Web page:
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What is a laminectomy?

Relieve pain, and freely move with greater ease, with a transformative spinal surgery: a laminectomy. This surgery is used specifically to treat symptoms caused by stenosis or bone overgrowths, leading to the narrowing of the spinal canal.

This procedure involves removing a portion, or all of, the bony arch (laminae), allowing for access to the spinal canal and alleviation of pressure on the affected nerve root.

Laminectomy surgery is only recommended when a conservative approach such as medications, injections, or physical therapy, has not been successful. Similarly, if you find yourself suffering from muscle weakness, numbness or pain with walking, or severe symptoms like loss of bladder function, then you may be a candidate for surgery. If you believe you may be a candidate for a laminectomy, call our office today to book your consultation at 201-399-3388.

There are different types of decompressive laminectomy procedures to include the following:

  • Lumbar laminectomy: performed on the lower parts of your spine, called the lumbar spine, which has five vertebrae connecting your thoracic spine to your pelvis. Spinal doctors perform this surgery to alleviate pain and halt motor strength weakness in your legs.
  • Thoracic laminectomy: If you have spinal stenosis identified through the middle or upper part of your spine, then a thoracic laminectomy might be recommended.
  • Cervical laminectomy: This procedure is performed on the back of your neck to alleviate symptoms of cervical spinal stenosis.
  • Hemilaminectomy: A portion of the lamina is removed from one side of the back of your spine to facilitate decompression of the spinal cord and nerves.
  • Foraminotomy: Often, accompanying a decompressive laminectomy, our surgeons will widen the openings (foramen) for the exiting nerve roots, using a procedure known as a foraminotomy. A minimally invasive laminectomy and foraminotomy minimizes symptoms linked to nerve compression.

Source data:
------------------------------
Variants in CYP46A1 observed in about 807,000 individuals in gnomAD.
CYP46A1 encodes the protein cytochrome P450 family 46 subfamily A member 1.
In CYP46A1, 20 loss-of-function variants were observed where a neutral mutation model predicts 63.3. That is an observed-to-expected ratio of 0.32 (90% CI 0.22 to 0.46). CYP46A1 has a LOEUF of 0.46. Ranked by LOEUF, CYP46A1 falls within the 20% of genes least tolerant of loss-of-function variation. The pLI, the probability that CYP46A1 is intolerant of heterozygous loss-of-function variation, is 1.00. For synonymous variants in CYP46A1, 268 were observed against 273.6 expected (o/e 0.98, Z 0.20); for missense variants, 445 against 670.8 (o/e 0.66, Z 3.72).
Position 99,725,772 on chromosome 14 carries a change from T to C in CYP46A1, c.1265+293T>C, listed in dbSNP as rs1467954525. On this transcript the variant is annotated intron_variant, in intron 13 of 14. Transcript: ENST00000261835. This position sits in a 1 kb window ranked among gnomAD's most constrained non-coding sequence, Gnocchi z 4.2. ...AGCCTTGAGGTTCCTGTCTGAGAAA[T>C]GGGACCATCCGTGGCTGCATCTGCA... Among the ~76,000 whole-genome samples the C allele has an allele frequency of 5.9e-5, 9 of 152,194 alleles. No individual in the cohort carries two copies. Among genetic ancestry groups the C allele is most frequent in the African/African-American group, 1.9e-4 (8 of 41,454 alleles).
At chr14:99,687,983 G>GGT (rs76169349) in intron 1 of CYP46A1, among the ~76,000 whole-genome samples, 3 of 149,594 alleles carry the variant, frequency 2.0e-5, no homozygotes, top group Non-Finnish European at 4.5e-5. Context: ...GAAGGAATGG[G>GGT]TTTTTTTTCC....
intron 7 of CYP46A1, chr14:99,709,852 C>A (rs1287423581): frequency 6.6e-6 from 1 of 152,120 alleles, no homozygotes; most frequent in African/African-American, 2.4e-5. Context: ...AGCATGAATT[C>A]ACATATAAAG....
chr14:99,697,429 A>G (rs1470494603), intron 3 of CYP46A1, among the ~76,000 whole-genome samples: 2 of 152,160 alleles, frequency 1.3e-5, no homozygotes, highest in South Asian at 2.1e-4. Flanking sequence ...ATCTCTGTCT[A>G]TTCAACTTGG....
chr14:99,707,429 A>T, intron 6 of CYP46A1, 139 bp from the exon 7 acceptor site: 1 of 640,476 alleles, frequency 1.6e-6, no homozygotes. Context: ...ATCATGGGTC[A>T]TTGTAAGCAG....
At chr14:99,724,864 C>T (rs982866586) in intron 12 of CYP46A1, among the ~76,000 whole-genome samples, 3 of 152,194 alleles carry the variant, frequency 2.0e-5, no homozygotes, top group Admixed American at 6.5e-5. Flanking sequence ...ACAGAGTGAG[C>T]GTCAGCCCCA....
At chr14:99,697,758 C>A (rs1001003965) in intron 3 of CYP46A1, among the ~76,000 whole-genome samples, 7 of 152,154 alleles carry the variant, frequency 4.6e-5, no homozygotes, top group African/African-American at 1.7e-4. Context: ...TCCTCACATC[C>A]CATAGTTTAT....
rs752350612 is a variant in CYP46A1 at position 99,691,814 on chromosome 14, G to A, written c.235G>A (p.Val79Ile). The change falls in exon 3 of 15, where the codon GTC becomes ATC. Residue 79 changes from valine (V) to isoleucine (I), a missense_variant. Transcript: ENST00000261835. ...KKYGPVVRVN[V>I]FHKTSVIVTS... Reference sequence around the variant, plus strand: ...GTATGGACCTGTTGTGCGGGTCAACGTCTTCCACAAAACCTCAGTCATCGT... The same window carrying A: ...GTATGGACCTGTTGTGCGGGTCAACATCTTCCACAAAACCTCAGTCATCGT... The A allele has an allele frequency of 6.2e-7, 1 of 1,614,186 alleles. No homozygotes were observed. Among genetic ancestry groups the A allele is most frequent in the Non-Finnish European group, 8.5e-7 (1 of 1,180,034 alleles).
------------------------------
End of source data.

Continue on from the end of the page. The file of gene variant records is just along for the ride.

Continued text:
• Spine stabilization: Laminectomy and fusion are often the most effective surgeries to help with stenosis. A posterior cervical laminectomy and fusion helps decompress and stabilize the nerves and vertebrae within your cervical spine, while the same is true for a posterior lumbar laminectomy and fusion for your lumbar spine.
  • Tumor removal: Dr. Scheid and Dr. Hunt specialize in both benign and malignant tumor resection procedures of the cervical, thoracic, and lumbar spine. Upholding their commitment to minimally invasive techniques, our surgeons carefully and skillfully resect intradural and extradural masses and send them for diagnostic pathology results.

How is a laminectomy performed?

Before undergoing any spinal surgery at NeuroSpine Plus, our surgeons and team of experienced providers fully explain and brief you on the procedure addressing all of your concerns.

Before your surgery, your doctor will provide you with instructions to include but are not limited to:

  • No eating or drinking after midnight
  • Stop taking certain medications such as anti-inflammatories or blood thinners
  • Wash the surgical area with antibacterial soap the night before, and the morning of, your procedure

If you have been considered a candidate for a laminectomy surgery, your surgeon may suggest other measures first such as stopping smoking or maintaining a healthy body weight to promote postoperative healing.